will represent student concerns at the hearing. The students are
evenly split in opinion, two in favor of the tuition increase and two
against, said Cunningham, who serves as an ex officio member of
“These students are designated to represent various positions
on the plan, and I don’t imagine it being fruitful for a lot of
students to come, ” Cunningham said. “I don’t think the Board of
Trustees will be as responsive to that form of student interest.”
Thirty-five percent of the tuition increase would help fund
student aid, as mandated by the original proposal. The balance of
the increase would go toward the UNC library system and raising
No action will be taken toward a decision at today’s meeting,
Chancellor Michael Hooker said. Its purpose, he said, is to hear
from students and faculty. “I’m very pleased we’re having this
meeting,” Hooker said. “It’s a forum where students and faculty
will offer various perspectives and an important opportunity for
the Board of Trustees to ask questions.”
Because the trustees will be discussing the issue for the first
time today, each member will attend with a different level of
understanding, Hooker said. A primary goal of the hearing is to
get everyone on the same wavelength, he said.
The board will listen to the various concerns and perspectives
represented at the hearing, Trustee Angela Bryant said. The
meeting is an opportunity for the BOT to gain valuable insight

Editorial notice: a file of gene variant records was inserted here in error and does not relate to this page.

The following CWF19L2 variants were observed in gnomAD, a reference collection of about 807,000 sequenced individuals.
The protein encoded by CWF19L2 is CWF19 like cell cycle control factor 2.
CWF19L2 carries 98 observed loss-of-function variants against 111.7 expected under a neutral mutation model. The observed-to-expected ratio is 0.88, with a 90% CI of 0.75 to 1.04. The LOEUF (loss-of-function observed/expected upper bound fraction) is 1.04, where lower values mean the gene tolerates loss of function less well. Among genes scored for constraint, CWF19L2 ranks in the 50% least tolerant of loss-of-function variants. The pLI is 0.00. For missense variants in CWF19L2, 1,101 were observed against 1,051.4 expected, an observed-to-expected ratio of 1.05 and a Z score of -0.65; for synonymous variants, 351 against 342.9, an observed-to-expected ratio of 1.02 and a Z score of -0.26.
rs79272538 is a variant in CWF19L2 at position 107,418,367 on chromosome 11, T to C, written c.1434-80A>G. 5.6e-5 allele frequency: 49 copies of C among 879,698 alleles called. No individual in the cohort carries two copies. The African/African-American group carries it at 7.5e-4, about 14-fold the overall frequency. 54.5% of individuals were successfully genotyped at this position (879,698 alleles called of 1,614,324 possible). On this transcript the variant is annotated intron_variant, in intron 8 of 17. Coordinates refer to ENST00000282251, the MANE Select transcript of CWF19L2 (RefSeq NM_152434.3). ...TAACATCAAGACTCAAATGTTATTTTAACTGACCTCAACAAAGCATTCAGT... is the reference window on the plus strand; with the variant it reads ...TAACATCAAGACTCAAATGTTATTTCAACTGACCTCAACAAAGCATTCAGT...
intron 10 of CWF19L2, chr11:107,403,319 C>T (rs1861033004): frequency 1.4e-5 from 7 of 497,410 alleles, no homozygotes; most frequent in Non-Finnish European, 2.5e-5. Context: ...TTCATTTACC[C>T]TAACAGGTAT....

into the effect of a tuition increase on all sectors of University life,
“I expect we’ll hear different pros and cons about using our
authority to increase tuition to supplement libraries, faculty
salaries and financial aid,” Bryant said. “My priority is to listen to
While faculty and students would be directly affected by a
tuition hike, staff members would be left in the cold, Bryant said.
“My main concern is that we’re setting up students and faculty
as more important than the staff, who get relegated to their 2
percent,” she said. “I feel the need to give them a voice.”
However, Cunningham described the meeting as a chance for
all views to be represented. “What we can accomplish will be to
bring all the members of the board up to par on all the questions
the campus is debating," he said. “We’ll do that by hearing from
In Marathon Meeting,
Code, Funds Review
Student groups with a religious or po
litical orientation can finally breathe a sigh
of relief; their days of funding woes may be
coming to a close.
Members of Student Congress voted
19-3 to eliminate the “politically partisan”
section of the student code that barred
religious or political groups from receiving
And in an unprecedented move, Stu
dent Body President Calvin Cunningham
signed the revised code into law at the
meeting, enabling three campus organiza
tions to receive the funding they were origi
“What the (Rules and Judiciary) com
mittee and the University attorney have
decided to do with this legislation is to take
care of the concerns that we are discrimi
nating against student groups based on
their viewpoints, which is now prohibited
by the U.S. Supreme Court,” Student Con
gress Rules and Judiciary Committee chair
man Terry Milner said.
The Catalyst and The Carolina Review,
two campus opinion magazines, and the
New Generation Campus Ministries were
denied funding in the past based on the
“politically partisan” clause. Atpresstime,
The Catalyst had been allotted $1,650 by a
16-2-4 vote. The Carolina Review, the ul